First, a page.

Bystander effects and their implications for clinical radiation therapy : insights from multiscale in silico experiments
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Radiotherapy is a commonly used treatment for cancer and is usually given in varying doses. At low radiation doses relatively few cells die as a direct response to radiation but secondary radiation effects, such as DNA mutation or bystander phenomena, may affect many cells. Consequently it is at low radiation levels where an understanding of bystander effects is essential in designing novel therapies with superior clinical outcomes. In this article, we use a hybrid multiscale mathematical model to study the direct effects of radiation as well as radiation-induced bystander effects on both tumour cells and normal cells. We show that bystander responses play a major role in mediating radiation damage to cells at low-doses of radiotherapy, doing more damage than that due to direct radiation. The survival curves derived from our computational simulations showed an area of hyper-radiosensitivity at low-doses that are not obtained using a traditional radiobiological model.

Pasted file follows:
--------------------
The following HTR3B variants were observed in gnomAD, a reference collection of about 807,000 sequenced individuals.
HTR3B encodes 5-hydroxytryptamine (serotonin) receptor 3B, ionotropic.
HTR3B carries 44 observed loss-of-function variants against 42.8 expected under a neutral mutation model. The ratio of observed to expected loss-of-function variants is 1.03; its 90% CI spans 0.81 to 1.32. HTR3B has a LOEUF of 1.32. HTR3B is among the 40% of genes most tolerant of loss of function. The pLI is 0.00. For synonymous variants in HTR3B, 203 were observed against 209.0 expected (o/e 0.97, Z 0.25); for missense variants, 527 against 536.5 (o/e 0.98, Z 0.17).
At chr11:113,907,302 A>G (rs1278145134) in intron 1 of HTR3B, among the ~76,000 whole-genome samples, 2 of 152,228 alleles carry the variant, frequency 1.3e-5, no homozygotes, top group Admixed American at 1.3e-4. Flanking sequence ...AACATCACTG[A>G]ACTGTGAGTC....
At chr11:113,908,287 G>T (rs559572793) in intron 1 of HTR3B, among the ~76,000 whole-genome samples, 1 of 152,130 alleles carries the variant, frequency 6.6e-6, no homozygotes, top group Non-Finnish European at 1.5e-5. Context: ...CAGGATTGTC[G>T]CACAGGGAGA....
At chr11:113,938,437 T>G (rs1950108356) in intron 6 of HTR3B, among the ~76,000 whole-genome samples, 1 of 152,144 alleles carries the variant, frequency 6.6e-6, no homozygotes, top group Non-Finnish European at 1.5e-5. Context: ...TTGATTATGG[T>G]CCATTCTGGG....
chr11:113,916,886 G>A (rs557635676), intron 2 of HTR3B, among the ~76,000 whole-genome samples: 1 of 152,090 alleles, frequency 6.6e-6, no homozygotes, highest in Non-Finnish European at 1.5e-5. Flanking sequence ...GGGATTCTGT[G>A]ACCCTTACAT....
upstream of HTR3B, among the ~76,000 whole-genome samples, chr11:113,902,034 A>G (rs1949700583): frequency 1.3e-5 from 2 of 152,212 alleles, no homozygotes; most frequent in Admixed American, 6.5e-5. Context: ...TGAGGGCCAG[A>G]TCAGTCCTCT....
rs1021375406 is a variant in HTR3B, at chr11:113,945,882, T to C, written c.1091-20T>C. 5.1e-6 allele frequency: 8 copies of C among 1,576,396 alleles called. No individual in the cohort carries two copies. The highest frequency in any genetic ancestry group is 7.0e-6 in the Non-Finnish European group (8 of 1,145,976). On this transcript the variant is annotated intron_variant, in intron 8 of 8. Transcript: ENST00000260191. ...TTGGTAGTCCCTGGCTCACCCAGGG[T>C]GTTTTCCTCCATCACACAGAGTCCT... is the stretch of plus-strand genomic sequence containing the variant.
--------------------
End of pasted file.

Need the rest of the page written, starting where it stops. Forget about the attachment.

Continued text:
Powathil , G , Munro , A J , Chaplain , M A J & Swat , M 2016 , ' Bystander effects and their implications for clinical radiation therapy : insights from multiscale in silico experiments ' , Journal of Theoretical Biology , vol. 401 , pp. 1-14 . https://doi.org/10.1016/j.jtbi.2016.04.010
Journal of Theoretical Biology
© 2016, Elsevier Ltd. This work is made available online in accordance with the publisher’s policies. This is the author created, accepted version manuscript following peer review and may differ slightly from the final published version. The final published version of this work is available at www.sciencedirect.com / https://dx.doi.org/10.1016/j.jtbi.2016.04.010
DescriptionGGP and MAJC thank University of Dundee, where this research was carried out. The authors gratefully acknowledge the support of the ERC Advanced Investigator Grant 227619, M5CGS - From Mutations to Metastases: Multiscale Mathematical Modelling of Cancer Growth and Spread. AJM Acknowledges support from EU BIOMICS Project DG-CNECT Contract 318202.
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